REMINDER: Rule for Retention of EB-1, EB-2, and EB-3 Immigrant Workers and Program Improvements Affecting High-Skilled Nonimmigrant Workers (Automatic Extensions of EADs)
Key provisions of the rule which went into effect in January 2017 are outlined below. We are available to discuss case-specific impact to clients as needed.
- Elimination of regulatory provision requiring USCIS to adjudicate Applications for Employment Authorization ("EAD card") within 90 days of filing and authorizing interim EADs in cases where such adjudications are not conducted within the 90-day timeframe.
- Automatic extension of EAD validity for certain individuals who apply on time to renew EADs in the same employment eligibility category.
- Enablement of U.S. employers to employ and retain high-skilled workers who are beneficiaries of approved employment-based immigrant visa petitions (Form I-140 petitions) by virtue of increasing the ability of these workers to accept promotions, change positions with current employers, and change employers.
- Improvement of job portability for certain beneficiaries of approved Form I-140 petitions by maintaining a petition's validity under certain circumstances despite an employer's withdrawal of the approved petition or the termination of the employer's business.
- Clarification of when individuals may keep their priority date when applying for adjustment of status to lawful permanent residence.
- Enablement of high-skilled individuals in the U.S. with E-3, H-1B, H-1B1, L-1 or O-1 nonimmigrant status, including any applicable grace period, to apply for employment authorization for a limited period if certain criteria are met.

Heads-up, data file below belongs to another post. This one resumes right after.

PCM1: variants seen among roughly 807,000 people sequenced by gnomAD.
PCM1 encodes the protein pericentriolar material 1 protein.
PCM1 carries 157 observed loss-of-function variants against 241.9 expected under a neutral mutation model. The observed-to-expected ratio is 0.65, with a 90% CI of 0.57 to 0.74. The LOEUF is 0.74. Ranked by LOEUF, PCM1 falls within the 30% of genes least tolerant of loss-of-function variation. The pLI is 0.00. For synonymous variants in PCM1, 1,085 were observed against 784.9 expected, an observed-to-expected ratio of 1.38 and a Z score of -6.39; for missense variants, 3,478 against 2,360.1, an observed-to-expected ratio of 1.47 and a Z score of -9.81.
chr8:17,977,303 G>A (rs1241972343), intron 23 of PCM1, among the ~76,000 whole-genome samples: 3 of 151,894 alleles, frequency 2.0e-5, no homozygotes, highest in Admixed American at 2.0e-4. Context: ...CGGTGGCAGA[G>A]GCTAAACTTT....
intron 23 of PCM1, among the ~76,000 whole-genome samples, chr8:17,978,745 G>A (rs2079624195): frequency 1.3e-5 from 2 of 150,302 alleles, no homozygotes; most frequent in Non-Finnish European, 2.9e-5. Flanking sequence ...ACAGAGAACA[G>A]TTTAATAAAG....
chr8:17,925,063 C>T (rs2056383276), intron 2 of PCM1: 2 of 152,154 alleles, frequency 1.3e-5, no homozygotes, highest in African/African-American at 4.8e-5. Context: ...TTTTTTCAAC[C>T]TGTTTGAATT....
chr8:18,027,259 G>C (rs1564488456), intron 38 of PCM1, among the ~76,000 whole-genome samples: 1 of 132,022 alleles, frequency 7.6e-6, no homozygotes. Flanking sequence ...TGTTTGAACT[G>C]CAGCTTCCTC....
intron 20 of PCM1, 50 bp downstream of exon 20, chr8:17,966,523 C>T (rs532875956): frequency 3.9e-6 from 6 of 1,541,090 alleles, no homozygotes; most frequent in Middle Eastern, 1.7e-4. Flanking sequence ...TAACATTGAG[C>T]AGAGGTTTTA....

- Clarification of procedures for obtaining H-1B status beyond the six-year authorized period of admission, determining H-1B cap exemptions, and counting workers under the H-1B cap, H-1B portability, licensure requirements and protections for whistleblowers.
- Establishment of 2 grace periods of up to 10 days for individuals in the E-1, E-2, E-3, L-1, and TN nonimmigrant classifications to provide a reasonable amount of time for these individuals to prepare to begin employment in the country and to depart the United States or take other actions to extend, change, or otherwise maintain lawful status, as well as establishment of a grace period of up to 60 consecutive days during each authorized validity period for certain high-skilled nonimmigrant workers when their employment ends before the end of their authorized validity period, so they may more readily pursue new employment and an extension of their nonimmigrant status.
REMINDER: New I-9
Employers must comply with the Immigration Reform and Control Act of 1986, which requires the verification of identity and employment authorization of individuals hired for employment in the U.S. after November 6, 1986, as well as the completion and retention for every employee of Form I-9 Employment Eligibility Verification. Effective January 22, 2017, all employers are required to use the new edition of Form I-9, and should follow detailed instructions in the newly published "Handbook for Employers: Guidance for Completing Form I-9. See new I-9 form and Manual at: https://www.uscis.gov/i-9 and https://www.uscis.gov/sites/default/files/files/form/m-274.pdf.
Wiggin and Dana's Immigration and Nationality Law and Compliance Practice Group will be providing additional briefings. Please contact Najia Khalid at 203.498.4314 or [email protected] if you have any questions.